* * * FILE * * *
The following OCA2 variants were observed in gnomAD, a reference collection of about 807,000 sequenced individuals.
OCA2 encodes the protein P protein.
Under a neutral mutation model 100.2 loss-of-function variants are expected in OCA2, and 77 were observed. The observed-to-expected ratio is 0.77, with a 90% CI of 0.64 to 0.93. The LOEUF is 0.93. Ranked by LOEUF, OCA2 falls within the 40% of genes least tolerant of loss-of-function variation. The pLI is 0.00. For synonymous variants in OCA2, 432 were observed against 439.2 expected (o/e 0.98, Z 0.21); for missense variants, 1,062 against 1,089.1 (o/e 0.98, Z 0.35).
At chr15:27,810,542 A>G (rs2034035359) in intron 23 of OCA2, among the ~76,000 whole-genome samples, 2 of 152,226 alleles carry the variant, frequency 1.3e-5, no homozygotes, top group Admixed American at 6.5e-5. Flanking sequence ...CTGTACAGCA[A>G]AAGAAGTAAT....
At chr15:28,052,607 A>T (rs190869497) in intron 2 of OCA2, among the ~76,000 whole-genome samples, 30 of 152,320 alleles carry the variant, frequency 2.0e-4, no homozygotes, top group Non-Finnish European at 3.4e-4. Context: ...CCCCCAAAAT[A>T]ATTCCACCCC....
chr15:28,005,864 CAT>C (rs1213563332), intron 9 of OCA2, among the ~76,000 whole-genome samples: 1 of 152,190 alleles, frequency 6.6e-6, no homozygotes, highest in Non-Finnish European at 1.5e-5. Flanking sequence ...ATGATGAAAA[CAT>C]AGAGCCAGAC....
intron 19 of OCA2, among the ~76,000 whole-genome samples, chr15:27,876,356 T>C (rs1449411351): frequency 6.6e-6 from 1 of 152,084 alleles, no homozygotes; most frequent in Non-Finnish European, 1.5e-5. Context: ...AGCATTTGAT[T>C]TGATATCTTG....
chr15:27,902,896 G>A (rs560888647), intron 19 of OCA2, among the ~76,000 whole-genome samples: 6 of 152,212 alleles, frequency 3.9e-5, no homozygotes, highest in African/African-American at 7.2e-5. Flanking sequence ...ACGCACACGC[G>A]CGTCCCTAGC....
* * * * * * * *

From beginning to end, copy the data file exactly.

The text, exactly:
The following OCA2 variants were observed in gnomAD, a reference collection of about 807,000 sequenced individuals.
OCA2 encodes the protein P protein.
Under a neutral mutation model 100.2 loss-of-function variants are expected in OCA2, and 77 were observed. The observed-to-expected ratio is 0.77, with a 90% CI of 0.64 to 0.93. The LOEUF is 0.93. Ranked by LOEUF, OCA2 falls within the 40% of genes least tolerant of loss-of-function variation. The pLI is 0.00. For synonymous variants in OCA2, 432 were observed against 439.2 expected (o/e 0.98, Z 0.21); for missense variants, 1,062 against 1,089.1 (o/e 0.98, Z 0.35).
At chr15:27,810,542 A>G (rs2034035359) in intron 23 of OCA2, among the ~76,000 whole-genome samples, 2 of 152,226 alleles carry the variant, frequency 1.3e-5, no homozygotes, top group Admixed American at 6.5e-5. Flanking sequence ...CTGTACAGCA[A>G]AAGAAGTAAT....
At chr15:28,052,607 A>T (rs190869497) in intron 2 of OCA2, among the ~76,000 whole-genome samples, 30 of 152,320 alleles carry the variant, frequency 2.0e-4, no homozygotes, top group Non-Finnish European at 3.4e-4. Context: ...CCCCCAAAAT[A>T]ATTCCACCCC....
chr15:28,005,864 CAT>C (rs1213563332), intron 9 of OCA2, among the ~76,000 whole-genome samples: 1 of 152,190 alleles, frequency 6.6e-6, no homozygotes, highest in Non-Finnish European at 1.5e-5. Flanking sequence ...ATGATGAAAA[CAT>C]AGAGCCAGAC....
intron 19 of OCA2, among the ~76,000 whole-genome samples, chr15:27,876,356 T>C (rs1449411351): frequency 6.6e-6 from 1 of 152,084 alleles, no homozygotes; most frequent in Non-Finnish European, 1.5e-5. Context: ...AGCATTTGAT[T>C]TGATATCTTG....
chr15:27,902,896 G>A (rs560888647), intron 19 of OCA2, among the ~76,000 whole-genome samples: 6 of 152,212 alleles, frequency 3.9e-5, no homozygotes, highest in African/African-American at 7.2e-5. Flanking sequence ...ACGCACACGC[G>A]CGTCCCTAGC....